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Monday, October 15, 2012

Robben Island is depressing

By: Lindokuhle Mnisi

The entrance at the Robben Island. Picture: Robben Island pictures
A group of Journalism Students from the Tshwane University of Technology visited the Robben Island to witness the land where South Africa’s freedom fighters were arrested during the apartheid era.

Students were taught about the history of this country and were given clarity about what transpired at Robben Island in the past. Divided into two groups for two buses, students took a tour around the Island with Tour Guides who were explaining everything while the buses were moving. Buses would stop near the spots (buildings, playgrounds, graveyards, etc) and the tour guide would explain briefly about the history behind that spot.

“All these things that you see around here were erected and utilised during the apartheid period. Some or most of these were built by the men who were arrested and given hard labour here in this Island,” said Anderson Friedman, one of the tour guides. As the bus was moving, he pointed at the cemetery where people were buried, churches and mosque where they worshipped, the Robert Sobukwe house and ended near the cells where the prisoners were detained. 

Friedman told the story the late PAC leaders, Robert Sobukwe. As a result of the “Sobukwe clause” that was aimed at arresting only him, Sobukwe was detained in an isolated house where he was not allowed to communicate with anybody. “He was kept here (house) for six year. Due to the isolation and lack of conversation, he was diagnosed with throat cancer. He also picked up a mental state because he was no longer able to put words together anymore by forming sentences. At the age of 54year he passed away as a result of cancer,” Friedman explained.

Friedman then handed over to one of the veterans who were arrested back in the 1970s.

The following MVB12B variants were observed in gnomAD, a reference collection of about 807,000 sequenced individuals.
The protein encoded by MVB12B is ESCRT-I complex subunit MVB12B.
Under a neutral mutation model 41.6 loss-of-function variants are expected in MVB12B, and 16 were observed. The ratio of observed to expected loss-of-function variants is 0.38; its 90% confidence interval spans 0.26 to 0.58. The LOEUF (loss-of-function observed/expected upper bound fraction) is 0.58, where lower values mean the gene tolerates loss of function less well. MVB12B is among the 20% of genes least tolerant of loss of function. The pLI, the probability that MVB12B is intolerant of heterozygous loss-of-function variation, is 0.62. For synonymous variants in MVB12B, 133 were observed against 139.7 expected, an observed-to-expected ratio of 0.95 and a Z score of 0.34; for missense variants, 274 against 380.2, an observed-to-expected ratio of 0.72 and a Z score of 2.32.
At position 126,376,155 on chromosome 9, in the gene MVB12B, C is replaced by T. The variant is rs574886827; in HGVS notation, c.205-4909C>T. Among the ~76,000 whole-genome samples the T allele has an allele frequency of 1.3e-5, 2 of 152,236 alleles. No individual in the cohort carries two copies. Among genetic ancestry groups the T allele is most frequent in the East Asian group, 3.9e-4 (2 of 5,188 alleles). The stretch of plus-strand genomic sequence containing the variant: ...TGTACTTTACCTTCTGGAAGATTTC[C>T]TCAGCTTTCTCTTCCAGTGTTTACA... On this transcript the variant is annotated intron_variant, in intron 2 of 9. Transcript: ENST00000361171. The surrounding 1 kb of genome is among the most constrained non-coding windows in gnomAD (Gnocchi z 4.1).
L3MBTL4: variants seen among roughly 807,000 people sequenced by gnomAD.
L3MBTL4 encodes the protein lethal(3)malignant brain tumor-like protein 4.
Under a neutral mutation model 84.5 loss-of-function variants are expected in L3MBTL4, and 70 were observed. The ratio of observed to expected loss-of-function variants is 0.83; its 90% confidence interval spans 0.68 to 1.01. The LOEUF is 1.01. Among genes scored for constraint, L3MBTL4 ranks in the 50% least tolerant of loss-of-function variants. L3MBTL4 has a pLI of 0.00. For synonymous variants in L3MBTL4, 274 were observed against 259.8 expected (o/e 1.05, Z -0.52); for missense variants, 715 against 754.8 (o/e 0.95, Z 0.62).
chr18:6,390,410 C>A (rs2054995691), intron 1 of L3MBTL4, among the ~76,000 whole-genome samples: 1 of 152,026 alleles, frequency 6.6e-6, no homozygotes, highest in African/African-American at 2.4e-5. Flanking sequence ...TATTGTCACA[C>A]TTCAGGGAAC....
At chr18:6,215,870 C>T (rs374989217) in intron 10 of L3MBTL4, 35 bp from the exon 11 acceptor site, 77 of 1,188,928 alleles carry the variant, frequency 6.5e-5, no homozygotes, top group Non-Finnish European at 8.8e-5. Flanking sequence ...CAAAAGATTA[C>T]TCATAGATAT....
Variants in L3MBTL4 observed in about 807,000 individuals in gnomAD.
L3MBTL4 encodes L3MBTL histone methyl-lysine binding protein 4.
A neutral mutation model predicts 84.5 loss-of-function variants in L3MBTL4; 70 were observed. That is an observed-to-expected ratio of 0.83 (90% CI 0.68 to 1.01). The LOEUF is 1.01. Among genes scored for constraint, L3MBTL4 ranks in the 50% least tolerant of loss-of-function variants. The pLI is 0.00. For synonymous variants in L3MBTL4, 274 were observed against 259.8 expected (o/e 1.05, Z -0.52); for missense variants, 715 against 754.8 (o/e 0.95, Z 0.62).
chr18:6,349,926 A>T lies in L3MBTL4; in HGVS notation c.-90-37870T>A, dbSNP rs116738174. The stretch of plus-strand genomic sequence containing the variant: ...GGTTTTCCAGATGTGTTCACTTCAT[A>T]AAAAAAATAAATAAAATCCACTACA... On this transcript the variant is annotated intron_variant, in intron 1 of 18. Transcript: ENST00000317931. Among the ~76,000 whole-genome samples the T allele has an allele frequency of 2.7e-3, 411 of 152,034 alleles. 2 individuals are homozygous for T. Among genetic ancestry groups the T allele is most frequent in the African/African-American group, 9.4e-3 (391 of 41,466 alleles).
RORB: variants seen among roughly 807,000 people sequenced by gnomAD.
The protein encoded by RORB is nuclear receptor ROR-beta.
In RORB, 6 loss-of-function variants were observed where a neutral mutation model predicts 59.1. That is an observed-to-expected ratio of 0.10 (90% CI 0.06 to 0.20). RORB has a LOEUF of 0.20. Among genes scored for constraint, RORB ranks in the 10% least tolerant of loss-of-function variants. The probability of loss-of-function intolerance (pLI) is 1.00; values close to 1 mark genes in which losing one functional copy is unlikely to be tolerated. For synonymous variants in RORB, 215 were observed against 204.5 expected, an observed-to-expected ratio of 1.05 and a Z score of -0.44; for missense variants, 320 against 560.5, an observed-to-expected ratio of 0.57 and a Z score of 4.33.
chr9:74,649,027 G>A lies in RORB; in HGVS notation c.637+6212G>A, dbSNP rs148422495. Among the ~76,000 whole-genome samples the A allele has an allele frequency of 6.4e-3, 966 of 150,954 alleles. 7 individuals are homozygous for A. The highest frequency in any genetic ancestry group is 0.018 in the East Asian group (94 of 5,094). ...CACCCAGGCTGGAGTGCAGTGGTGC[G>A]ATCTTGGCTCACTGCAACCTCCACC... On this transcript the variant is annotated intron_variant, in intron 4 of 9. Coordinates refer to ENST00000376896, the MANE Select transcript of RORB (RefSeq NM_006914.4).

A man who identified himself as Lulamile Zozo Madolo led the tour to the very important parts of Robben Island, including inside the cell of the world icon Dr Nelson Rholihlahla Mandela. Madolo (58) said he was arrested in 1976 for taking part in the Soweto Uprising and he was brought to Robben Island in 1977 January 21. “I was a student from Port Elizabeth. They arrested me for taking part in Soweto Uprising. In that year all the black South African students refused to be taught in Afrikaans as a medium of instructions,” said Madolo explaining how he ended in Robben Island.

He said they tried to engage with the Apartheid regime in a form of demonstrations and petition and “...we thought that they would listen to us but police responded by shooting at us”. “Some of us died, others fled to other countries while the unfortunate ones like me were arrested and brought here,” he added. Prisoners were divided into four categories (A, B, C & D) which provided different privileges. Those arrested early in the 1960s were only allowed to write one letter and have one visitor after six months. Those with better privileges would write four letters a month.

Madolo showed those on the tour a picture of Mandela standing with his friend Walter Sisulu, wearing smart outfit. He shared the story behind that picture saying it was taken in 1966 when there were rumours around the world that Mandela was dead. “This picture was taken by a journalist from England. The apartheid regime knew in advance about the foreign media’s visit so they bought new clothes for prisoners so that they would look smart in front of the visitors. After the visit, they were given back their torn clothes and forced to go back to work,” Madolo explained. 

While still in prison, Nelson Mandela illegally wrote a book called “Long Walk to Freedom” and the pieces of pages he used to write on were transported to the people by his friend, Mac Maharaj (now President Jacob Zuma’s spokesperson). The book was published in London.

Jacob Zuma, Ahmad Kathrada, Walter Sisulu, Govern Mbeki, Mosiuoa Lekota to name but a few were among those who spent years in prison. Before students and other tourists left Robben Island they had more knowledge regarding what transpired there. Robben Island is now used as a historical site and museum.

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